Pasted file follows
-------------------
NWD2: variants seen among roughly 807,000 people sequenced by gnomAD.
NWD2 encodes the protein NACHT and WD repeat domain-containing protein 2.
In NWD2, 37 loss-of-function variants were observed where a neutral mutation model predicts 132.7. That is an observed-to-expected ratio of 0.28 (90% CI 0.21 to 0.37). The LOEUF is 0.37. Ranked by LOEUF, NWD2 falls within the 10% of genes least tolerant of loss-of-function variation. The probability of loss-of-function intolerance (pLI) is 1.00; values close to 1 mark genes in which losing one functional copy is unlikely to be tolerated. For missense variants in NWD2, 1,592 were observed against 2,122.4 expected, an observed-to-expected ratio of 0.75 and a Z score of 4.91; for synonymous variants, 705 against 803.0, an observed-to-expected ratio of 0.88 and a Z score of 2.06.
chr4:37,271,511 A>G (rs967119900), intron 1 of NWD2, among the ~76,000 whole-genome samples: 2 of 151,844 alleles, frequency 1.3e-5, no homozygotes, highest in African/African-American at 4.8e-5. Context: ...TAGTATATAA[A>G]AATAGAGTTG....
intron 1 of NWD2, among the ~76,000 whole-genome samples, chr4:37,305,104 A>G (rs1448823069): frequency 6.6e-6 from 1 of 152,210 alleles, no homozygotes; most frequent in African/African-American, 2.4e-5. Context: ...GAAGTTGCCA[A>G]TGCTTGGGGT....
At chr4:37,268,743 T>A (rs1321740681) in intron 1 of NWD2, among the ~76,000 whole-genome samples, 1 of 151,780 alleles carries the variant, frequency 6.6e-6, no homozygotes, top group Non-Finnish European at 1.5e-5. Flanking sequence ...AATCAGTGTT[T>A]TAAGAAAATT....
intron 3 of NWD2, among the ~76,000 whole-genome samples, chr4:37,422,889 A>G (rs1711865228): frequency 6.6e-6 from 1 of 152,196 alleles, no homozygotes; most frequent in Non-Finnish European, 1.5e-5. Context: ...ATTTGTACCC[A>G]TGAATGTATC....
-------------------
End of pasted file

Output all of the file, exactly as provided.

NWD2: variants seen among roughly 807,000 people sequenced by gnomAD.
NWD2 encodes the protein NACHT and WD repeat domain-containing protein 2.
In NWD2, 37 loss-of-function variants were observed where a neutral mutation model predicts 132.7. That is an observed-to-expected ratio of 0.28 (90% CI 0.21 to 0.37). The LOEUF is 0.37. Ranked by LOEUF, NWD2 falls within the 10% of genes least tolerant of loss-of-function variation. The probability of loss-of-function intolerance (pLI) is 1.00; values close to 1 mark genes in which losing one functional copy is unlikely to be tolerated. For missense variants in NWD2, 1,592 were observed against 2,122.4 expected, an observed-to-expected ratio of 0.75 and a Z score of 4.91; for synonymous variants, 705 against 803.0, an observed-to-expected ratio of 0.88 and a Z score of 2.06.
chr4:37,271,511 A>G (rs967119900), intron 1 of NWD2, among the ~76,000 whole-genome samples: 2 of 151,844 alleles, frequency 1.3e-5, no homozygotes, highest in African/African-American at 4.8e-5. Context: ...TAGTATATAA[A>G]AATAGAGTTG....
intron 1 of NWD2, among the ~76,000 whole-genome samples, chr4:37,305,104 A>G (rs1448823069): frequency 6.6e-6 from 1 of 152,210 alleles, no homozygotes; most frequent in African/African-American, 2.4e-5. Context: ...GAAGTTGCCA[A>G]TGCTTGGGGT....
At chr4:37,268,743 T>A (rs1321740681) in intron 1 of NWD2, among the ~76,000 whole-genome samples, 1 of 151,780 alleles carries the variant, frequency 6.6e-6, no homozygotes, top group Non-Finnish European at 1.5e-5. Flanking sequence ...AATCAGTGTT[T>A]TAAGAAAATT....
intron 3 of NWD2, among the ~76,000 whole-genome samples, chr4:37,422,889 A>G (rs1711865228): frequency 6.6e-6 from 1 of 152,196 alleles, no homozygotes; most frequent in Non-Finnish European, 1.5e-5. Context: ...ATTTGTACCC[A>G]TGAATGTATC....